Influence

 the shape of leadership

Calling All Calls

Five ways God calls people into ministry

George O Wood on May 19, 2017

Over the years, I have come to realize that people receive and answer the call into ministry in various ways.

Most folks think first of supernatural revelation, where God speaks in an overpowering way. I’ve never had that kind of call.

Then there’s a call that can materialize during corporate worship, individual worship, prayer or Bible study. What is the Spirit quietly saying to you in those moments?

Third, there is the call that comes by confirmation of other believers. None of us gets to where we are in ministry unless others affirm our gifts and talents.

And there are circumstances. The list of situations through which God can speak is endless.

Whatever combination of calls the Lord offers, you must have that sense that the Lord is in it.

Finally, there’s a fifth form of call that many people discount entirely — and yet it can be one of God’s most powerful ways of speaking His mind to you. For some reason, people tend to think that personal choice leaves God out of the equation. But let me illustrate.

I once asked Morris Williams — a great missionary to Africa — about his call. After he spoke at our annual missions convention when I was a pastor, I asked how he knew God wanted him on the mission field.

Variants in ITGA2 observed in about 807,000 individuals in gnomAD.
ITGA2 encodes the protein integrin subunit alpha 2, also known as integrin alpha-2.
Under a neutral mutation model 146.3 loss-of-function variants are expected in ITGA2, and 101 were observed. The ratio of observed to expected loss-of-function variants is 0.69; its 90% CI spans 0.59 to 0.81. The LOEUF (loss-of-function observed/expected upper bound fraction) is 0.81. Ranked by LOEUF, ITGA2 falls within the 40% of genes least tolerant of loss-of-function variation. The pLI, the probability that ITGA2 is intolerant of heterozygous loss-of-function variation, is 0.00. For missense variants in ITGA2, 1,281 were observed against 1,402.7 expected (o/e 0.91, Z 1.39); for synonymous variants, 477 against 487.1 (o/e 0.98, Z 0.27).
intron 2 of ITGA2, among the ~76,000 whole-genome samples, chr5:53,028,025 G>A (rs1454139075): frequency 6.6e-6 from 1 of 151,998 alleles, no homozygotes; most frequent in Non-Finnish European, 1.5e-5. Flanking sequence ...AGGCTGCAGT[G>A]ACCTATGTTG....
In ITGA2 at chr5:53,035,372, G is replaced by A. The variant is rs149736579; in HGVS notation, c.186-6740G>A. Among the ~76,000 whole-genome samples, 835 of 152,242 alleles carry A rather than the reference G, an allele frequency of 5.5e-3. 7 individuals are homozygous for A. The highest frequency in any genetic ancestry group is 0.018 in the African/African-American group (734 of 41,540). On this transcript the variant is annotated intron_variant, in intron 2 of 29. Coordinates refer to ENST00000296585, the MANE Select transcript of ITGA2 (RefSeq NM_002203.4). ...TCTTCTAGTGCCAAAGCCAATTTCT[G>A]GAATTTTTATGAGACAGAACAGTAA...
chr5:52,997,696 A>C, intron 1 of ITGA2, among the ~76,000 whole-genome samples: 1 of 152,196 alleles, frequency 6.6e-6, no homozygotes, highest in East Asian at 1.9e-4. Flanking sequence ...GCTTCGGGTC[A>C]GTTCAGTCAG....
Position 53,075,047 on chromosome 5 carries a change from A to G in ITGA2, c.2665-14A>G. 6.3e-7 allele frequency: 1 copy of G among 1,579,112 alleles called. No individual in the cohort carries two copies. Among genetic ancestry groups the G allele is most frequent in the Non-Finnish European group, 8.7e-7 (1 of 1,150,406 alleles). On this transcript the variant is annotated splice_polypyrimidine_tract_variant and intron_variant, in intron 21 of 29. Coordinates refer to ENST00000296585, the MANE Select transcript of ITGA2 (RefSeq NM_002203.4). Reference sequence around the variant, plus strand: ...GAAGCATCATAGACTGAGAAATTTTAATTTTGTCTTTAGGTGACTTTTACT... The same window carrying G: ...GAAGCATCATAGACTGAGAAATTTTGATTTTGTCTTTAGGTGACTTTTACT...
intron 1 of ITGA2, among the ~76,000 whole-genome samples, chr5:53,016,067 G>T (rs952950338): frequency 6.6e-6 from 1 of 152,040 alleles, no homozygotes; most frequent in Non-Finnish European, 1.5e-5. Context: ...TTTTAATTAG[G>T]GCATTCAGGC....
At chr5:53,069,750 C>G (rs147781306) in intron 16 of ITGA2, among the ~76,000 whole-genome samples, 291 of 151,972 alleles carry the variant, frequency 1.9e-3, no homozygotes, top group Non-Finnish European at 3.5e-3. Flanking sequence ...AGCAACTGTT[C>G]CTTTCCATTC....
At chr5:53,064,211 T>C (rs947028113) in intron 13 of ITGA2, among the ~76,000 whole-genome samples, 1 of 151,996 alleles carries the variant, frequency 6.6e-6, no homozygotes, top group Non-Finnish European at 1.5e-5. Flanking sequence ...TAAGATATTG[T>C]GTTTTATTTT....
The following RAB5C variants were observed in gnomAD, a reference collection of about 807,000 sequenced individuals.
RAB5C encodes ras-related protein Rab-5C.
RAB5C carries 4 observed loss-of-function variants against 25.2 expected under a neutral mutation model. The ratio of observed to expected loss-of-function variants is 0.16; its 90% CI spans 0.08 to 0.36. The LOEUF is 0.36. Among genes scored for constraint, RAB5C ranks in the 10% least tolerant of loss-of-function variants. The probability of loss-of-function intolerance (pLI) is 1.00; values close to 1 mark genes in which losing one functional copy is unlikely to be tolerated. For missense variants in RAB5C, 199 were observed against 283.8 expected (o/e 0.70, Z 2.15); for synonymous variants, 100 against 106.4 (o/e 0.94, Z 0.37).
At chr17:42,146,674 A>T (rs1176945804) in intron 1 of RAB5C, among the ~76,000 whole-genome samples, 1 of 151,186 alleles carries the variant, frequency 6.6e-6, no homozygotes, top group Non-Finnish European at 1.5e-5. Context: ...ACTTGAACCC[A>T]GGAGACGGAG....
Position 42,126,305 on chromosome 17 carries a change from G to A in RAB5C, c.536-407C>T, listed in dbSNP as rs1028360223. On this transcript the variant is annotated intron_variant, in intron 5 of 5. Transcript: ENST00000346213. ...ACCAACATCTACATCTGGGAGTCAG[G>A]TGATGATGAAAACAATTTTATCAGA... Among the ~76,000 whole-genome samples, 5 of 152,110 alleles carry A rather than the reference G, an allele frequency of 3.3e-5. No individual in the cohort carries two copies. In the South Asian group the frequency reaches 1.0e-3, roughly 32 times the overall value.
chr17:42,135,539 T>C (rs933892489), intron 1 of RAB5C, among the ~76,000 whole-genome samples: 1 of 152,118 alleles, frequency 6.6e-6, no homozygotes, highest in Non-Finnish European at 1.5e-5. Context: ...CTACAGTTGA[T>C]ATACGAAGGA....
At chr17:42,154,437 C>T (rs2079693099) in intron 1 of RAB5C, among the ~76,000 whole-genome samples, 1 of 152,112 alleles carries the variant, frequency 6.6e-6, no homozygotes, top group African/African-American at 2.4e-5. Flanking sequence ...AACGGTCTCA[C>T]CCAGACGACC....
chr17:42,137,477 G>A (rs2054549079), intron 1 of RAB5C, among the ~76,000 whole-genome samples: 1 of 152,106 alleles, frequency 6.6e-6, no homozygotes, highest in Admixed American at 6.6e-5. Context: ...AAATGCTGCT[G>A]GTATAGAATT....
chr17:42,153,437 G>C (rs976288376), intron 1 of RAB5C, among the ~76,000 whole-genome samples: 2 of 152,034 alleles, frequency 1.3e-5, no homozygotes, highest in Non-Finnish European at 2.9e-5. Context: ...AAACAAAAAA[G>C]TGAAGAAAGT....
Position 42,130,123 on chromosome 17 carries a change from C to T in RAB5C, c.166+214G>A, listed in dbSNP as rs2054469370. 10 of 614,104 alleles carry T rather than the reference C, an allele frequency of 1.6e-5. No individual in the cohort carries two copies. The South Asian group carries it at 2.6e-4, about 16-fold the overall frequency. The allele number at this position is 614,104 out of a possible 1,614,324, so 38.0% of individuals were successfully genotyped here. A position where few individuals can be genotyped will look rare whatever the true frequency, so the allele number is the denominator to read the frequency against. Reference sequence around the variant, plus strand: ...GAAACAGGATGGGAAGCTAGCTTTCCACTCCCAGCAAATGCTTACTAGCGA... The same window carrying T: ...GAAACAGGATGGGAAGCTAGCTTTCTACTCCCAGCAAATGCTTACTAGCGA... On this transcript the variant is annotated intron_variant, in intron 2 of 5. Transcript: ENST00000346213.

Brother Williams’ answer stunned me: “I never had a call.” (I thought he was pulling my leg.) “No,” he said, “I read in the Gospels where Jesus was taking volunteers, so I up and volunteered.”

I suspect that, as he offered to go, there was a resonance in his heart, and the Spirit was there. To be sure, our own ambitions alone don’t constitute a call from God, but personal choice can be a strong factor when we have consistently subjected our preferences to the Spirit’s leading.

Scripture affirms that God’s ways are beyond us, but I picture the call of God on a continuum from supernatural revelation all the way to “What do you want to do?” If you’re going to take a ministerial assignment, it must be more than, “The church voted me in” or “This looks like a good opportunity” or “This is going to be a nice career path for me.”

Whatever combination of calls the Lord offers, you must have that sense in your heart that the Lord is in it.

Adapted from the book Road Trip Leadership: Mileposts Along My Way in Ministry (Springfield, MO: Gospel Publishing House, 2011).

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